Last week, Time.com’s new Technology Editor Peter Ha wrote on his blog, “Just caught wind that BusinessWeek is shutting down. Can anyone confirm or deny?” Within hours, employees of Business Week retweeted that they hadn’t heard of any sort of closing. The simple one sentence update led to yet another controversy surrounding the social media website, Twitter. Gary Weiss, a prominent reporter wrote on his blog, http://garyweiss.blogspot.com/ the problem with social media and the news.
What concerns me the most or what bothers me is the distinction between social media and traditional media. As journalists, we are trained from the beginning not only to seek the truth but to report the truth. But it doesn’t stop there. Ethics play into what we write, how we write it. According the Society of Professional Journalists, one of the code of ethics is to minimize harm. Generally we don’t report death with the victim’s name unless the family has been notified. We don’t report the news as news unless we have adequate background checks to verify what we are saying. This is true for journalists around the world in newspapers and on television. Is online media not the same?
Don’t tell me that Ha doesn’t realize he has over 1,000 followers on twitter that respect and pay attention to what he writes. Don’t tell me he didn’t figure that an employee from a competitive newspaper doesn’t check Ha’s updates daily, if not hourly to see if he was reporting something that Business Week should be aware of, if not already producing in print. So why is it okay for a journalist to treat Twitter, a social media website as something more personal, when his profession more or less depends on websites such as this.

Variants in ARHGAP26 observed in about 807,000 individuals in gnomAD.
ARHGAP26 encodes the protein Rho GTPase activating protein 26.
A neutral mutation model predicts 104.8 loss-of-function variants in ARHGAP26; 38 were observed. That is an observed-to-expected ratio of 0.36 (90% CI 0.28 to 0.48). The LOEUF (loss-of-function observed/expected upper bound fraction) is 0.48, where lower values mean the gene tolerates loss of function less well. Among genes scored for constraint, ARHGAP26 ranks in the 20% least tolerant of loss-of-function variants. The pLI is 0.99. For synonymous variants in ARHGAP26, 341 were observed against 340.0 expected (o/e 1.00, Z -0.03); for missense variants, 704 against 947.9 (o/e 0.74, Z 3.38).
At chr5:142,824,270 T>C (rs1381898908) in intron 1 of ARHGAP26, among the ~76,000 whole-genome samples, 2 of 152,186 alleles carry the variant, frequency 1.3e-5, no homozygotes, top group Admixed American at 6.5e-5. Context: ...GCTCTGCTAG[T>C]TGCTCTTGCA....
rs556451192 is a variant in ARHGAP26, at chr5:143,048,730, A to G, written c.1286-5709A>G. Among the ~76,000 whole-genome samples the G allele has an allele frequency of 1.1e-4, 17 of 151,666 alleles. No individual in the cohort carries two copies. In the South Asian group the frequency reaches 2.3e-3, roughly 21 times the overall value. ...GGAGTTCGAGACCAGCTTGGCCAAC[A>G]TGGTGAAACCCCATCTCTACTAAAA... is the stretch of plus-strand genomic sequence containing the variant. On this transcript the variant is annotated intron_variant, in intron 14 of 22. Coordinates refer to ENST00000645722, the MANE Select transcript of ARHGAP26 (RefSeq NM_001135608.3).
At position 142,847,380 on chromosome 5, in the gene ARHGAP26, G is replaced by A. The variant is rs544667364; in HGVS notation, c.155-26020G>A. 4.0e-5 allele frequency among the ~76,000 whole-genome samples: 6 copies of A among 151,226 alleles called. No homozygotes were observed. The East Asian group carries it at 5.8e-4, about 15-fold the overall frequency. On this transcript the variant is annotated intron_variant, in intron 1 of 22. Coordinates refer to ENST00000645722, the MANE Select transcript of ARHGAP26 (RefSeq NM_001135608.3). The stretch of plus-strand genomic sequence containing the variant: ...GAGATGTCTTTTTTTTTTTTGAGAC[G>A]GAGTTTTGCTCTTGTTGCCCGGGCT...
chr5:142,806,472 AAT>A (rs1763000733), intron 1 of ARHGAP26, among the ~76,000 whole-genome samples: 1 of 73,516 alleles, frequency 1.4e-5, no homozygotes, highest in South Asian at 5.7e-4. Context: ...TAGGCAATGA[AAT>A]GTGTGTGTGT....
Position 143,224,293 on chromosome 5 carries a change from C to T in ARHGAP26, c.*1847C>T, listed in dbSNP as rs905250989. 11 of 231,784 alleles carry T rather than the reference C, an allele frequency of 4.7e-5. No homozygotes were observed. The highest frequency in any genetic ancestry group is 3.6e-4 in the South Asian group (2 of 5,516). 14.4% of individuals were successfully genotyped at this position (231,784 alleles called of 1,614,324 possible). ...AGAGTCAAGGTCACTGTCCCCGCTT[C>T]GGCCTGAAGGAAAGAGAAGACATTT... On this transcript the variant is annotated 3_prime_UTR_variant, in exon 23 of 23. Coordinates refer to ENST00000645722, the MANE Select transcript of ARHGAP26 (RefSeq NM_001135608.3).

When more people use social media outlets as a source of news than traditional media, we must begin to treat our blogs, tweets, updates as pieces of articles we write, on the record, from the horse’s mouth. People get suspended, and in the worse case scenario, fired from their jobs when they are caught saying negative comments. Football players get fined for venting about fans on Twitter. Potential employees get scanned by hiring employers. They might not have the SJP’s code of ethics memorized by any means but doesn’t the idea of being careful what you say over the internet, go without saying?
Maybe this is just a new topic that needs to be discussed in our journalism classrooms. Social media responsibility and controversy that can come from it is something that should be taught to every journalist student that comes through the Walter Cronkite doors. Yet I feel that this new tech savvy generation and anyone with half a mind should understand the power that social media can have.
Bottom line: One clause under Minimize Harm in the SPJ’s code of ethics, recognize that gathering and reporting information may cause harm or discomfort. Pursuit of the news is not a license for arrogance.